“A _____, a ______, and a _______ walk into a bar . . .”
We know this joke format. Three characters face some common circumstance and deal with it differently.
The first two characters—let’s call them A and B—will establish some pattern that sets up an expectation of what happens to the third character, C.
- A does something.
- B does something like it but a little different.
- C does something even more different. The success of the punch line rests on whether or not what happens to C feels surprising.
A and B are basically two versions of the same thing, which highlights the contrast of C, the character whose story ignites the laugh.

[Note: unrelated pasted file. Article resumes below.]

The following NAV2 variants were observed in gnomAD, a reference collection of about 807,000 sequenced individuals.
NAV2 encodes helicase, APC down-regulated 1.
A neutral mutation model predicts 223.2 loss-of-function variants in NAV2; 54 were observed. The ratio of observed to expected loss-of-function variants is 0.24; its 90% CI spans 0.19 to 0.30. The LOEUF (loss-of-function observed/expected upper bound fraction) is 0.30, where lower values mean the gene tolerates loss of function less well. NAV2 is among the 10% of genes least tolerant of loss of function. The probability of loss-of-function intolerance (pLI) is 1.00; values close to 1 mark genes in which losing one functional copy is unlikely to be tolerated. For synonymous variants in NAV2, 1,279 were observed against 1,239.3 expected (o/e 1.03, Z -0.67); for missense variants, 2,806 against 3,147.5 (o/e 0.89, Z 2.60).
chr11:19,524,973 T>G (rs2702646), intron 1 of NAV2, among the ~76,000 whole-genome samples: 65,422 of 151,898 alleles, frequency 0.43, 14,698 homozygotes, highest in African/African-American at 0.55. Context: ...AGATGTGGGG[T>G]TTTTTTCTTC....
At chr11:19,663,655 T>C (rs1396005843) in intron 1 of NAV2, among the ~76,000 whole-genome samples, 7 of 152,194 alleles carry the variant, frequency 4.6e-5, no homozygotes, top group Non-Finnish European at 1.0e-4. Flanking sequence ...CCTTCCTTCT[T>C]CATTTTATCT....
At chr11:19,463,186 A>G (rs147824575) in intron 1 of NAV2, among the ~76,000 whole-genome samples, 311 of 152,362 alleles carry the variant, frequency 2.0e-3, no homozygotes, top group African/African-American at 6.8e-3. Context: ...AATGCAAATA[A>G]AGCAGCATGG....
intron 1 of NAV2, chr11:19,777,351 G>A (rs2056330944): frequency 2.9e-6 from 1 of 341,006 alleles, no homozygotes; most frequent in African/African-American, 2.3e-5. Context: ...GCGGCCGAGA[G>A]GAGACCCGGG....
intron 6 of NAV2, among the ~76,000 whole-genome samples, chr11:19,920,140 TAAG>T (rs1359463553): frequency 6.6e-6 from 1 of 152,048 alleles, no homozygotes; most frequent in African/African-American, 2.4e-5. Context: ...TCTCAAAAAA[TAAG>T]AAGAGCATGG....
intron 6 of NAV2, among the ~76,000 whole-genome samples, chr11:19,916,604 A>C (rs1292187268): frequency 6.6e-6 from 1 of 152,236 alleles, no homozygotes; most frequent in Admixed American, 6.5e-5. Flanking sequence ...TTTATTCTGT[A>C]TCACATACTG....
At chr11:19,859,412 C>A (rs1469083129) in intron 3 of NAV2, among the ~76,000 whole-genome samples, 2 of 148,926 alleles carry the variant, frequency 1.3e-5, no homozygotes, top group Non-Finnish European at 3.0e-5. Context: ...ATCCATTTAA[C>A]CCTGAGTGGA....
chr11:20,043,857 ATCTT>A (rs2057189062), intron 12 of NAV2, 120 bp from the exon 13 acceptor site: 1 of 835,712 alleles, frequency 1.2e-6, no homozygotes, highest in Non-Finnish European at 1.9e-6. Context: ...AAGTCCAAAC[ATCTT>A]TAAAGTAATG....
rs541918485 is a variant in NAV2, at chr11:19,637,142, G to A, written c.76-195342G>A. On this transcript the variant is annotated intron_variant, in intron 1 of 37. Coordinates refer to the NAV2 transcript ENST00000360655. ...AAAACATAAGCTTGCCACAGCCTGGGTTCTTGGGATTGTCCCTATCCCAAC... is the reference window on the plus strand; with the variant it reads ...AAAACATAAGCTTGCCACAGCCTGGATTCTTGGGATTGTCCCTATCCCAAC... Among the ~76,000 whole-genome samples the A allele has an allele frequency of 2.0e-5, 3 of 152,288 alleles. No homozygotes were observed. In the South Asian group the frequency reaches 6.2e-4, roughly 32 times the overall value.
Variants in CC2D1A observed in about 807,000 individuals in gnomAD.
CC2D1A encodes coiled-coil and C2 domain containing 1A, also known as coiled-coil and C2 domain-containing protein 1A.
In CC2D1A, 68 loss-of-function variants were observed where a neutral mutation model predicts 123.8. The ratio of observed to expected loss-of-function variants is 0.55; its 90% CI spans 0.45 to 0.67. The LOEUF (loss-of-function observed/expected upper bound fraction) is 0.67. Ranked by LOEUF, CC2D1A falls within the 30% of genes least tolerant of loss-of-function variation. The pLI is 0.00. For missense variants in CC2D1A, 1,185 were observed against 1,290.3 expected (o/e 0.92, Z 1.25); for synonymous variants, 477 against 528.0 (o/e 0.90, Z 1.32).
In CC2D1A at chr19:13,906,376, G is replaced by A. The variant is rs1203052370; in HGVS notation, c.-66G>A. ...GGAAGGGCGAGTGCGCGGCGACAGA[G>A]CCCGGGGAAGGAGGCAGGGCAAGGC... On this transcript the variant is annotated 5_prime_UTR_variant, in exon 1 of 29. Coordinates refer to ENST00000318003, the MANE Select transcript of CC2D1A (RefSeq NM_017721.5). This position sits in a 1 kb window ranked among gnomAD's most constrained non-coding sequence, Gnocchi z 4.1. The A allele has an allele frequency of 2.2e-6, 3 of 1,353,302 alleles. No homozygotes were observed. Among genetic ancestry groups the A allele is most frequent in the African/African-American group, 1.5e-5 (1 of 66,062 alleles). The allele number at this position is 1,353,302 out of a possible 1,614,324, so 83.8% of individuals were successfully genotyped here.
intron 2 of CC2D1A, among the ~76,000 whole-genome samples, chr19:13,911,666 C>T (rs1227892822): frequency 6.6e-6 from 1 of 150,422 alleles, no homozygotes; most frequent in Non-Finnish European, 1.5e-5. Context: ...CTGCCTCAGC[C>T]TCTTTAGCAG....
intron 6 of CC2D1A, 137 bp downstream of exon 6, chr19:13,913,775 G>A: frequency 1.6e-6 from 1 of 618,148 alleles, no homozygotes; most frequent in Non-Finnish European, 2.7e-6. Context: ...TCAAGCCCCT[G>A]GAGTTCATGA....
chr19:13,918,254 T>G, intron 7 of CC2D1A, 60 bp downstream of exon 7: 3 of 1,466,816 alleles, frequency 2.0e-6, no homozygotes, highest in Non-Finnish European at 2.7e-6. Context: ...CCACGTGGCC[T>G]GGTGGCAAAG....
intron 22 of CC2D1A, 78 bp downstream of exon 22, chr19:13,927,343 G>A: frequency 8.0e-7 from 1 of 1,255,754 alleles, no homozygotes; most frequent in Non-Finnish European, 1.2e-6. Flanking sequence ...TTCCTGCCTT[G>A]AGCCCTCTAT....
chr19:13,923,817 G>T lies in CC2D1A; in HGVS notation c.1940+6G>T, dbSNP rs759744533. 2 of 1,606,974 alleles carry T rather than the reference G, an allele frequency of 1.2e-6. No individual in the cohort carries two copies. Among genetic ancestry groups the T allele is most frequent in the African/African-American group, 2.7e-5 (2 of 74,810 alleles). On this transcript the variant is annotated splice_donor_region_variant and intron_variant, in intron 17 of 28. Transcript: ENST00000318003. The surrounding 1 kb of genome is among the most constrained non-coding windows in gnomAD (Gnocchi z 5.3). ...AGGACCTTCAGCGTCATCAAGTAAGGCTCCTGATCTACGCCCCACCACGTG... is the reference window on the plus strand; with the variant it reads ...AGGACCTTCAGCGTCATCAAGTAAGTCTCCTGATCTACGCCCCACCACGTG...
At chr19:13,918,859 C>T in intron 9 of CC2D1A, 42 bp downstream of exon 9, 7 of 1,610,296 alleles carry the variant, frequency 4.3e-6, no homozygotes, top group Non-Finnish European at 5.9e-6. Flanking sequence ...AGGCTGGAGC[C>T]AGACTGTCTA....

It's interesting to note the importance of B, squished in the middle and therefore likely to be the hardest to remember. B’s storyline varies from A’s but in a way that suggests a similarity between A and B and establishes a trajectory that sets our expectations for C. The trajectory is the crucial bit of misdirection on which the punch line relies.
This is yet another illustration of how variation, in this case B, draws us away from what came before it but in a way that serves to deepen our understanding of the original, A.
Thank you for reading.